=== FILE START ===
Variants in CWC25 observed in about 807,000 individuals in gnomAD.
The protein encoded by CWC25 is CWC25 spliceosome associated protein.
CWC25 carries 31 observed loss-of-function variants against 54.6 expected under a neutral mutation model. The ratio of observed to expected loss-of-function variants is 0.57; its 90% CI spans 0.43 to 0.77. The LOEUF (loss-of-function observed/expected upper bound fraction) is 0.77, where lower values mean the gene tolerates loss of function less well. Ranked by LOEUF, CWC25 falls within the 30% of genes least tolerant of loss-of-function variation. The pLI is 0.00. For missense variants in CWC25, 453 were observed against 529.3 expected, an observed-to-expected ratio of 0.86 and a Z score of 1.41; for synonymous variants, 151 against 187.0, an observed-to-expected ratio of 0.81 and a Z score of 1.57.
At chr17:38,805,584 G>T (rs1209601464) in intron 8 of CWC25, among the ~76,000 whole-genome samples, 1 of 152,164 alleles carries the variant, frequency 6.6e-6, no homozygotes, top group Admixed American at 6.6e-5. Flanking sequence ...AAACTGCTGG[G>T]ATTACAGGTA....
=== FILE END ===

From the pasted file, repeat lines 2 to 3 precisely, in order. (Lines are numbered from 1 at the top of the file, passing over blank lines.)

The protein encoded by CWC25 is CWC25 spliceosome associated protein.
CWC25 carries 31 observed loss-of-function variants against 54.6 expected under a neutral mutation model. The ratio of observed to expected loss-of-function variants is 0.57; its 90% CI spans 0.43 to 0.77. The LOEUF (loss-of-function observed/expected upper bound fraction) is 0.77, where lower values mean the gene tolerates loss of function less well. Ranked by LOEUF, CWC25 falls within the 30% of genes least tolerant of loss-of-function variation. The pLI is 0.00. For missense variants in CWC25, 453 were observed against 529.3 expected, an observed-to-expected ratio of 0.86 and a Z score of 1.41; for synonymous variants, 151 against 187.0, an observed-to-expected ratio of 0.81 and a Z score of 1.57.